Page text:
Intensive case management in Australia: A randomized controlled trial

Issakidis, Cathy, Sanderson, Kristy, Teesson, Maree, Johnston, Susan and Buhrich, Neil (1999) Intensive case management in Australia: A randomized controlled trial. Acta Psychiatrica Scandinavica, 99 (5). pp. 360-367. ISSN 0001-690X

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Abstract

This study compared intensive case management (ICM) with standard clinical case management in a well-resourced community mental health service in Australia. A total of 73 severely disabled clients of an existing clinical service were randomly allocated to either ICM (caseload 10 clients per clinician) or standard case management (caseload up to 30 clients per clinician) and followed up for 12 months. A greater proportion of clients receiving ICM showed improved social functioning, these clients had fewer psychiatric hospital admissions involving police, and were more likely to engage and remain in treatment compared to those who received standard case management. Clients receiving ICM did not show a reduction in hospitalization duration or total number of episodes. It is suggested that future studies of ICM should focus on which aspects of treatment produce positive outcomes, how they can be applied to routine clinical settings, and over what period of time outcomes are sustained.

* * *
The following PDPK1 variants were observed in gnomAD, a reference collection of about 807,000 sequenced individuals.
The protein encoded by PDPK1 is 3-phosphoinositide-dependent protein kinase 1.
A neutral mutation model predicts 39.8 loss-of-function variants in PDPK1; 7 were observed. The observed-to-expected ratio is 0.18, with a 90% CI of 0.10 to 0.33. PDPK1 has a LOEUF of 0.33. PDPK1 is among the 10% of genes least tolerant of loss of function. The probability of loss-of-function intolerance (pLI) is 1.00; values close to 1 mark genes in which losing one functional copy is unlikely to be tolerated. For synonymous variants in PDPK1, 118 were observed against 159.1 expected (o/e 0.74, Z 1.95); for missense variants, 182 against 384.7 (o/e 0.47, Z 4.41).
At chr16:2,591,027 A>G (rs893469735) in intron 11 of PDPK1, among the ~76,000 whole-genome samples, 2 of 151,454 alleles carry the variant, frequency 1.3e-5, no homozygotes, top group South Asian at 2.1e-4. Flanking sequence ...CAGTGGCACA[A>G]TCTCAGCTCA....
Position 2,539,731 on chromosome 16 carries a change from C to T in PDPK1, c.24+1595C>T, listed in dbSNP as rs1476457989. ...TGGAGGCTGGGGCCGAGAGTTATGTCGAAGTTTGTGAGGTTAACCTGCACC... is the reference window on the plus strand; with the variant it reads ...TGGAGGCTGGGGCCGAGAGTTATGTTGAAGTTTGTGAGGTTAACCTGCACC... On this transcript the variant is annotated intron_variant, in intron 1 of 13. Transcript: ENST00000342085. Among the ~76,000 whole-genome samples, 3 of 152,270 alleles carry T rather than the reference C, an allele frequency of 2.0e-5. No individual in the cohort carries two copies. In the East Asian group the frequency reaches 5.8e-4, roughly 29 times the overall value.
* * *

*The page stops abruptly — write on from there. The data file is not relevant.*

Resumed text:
Item Type: Article
Faculty \ School: Faculty of Medicine and Health Sciences > School of Health Sciences
Depositing User: LivePure Connector
Date Deposited: 16 Jul 2021 00:18
Last Modified: 16 Jul 2021 00:18
URI: https://ueaeprints.uea.ac.uk/id/eprint/80605
DOI: 10.1111/j.1600-0447.1999.tb07242.x

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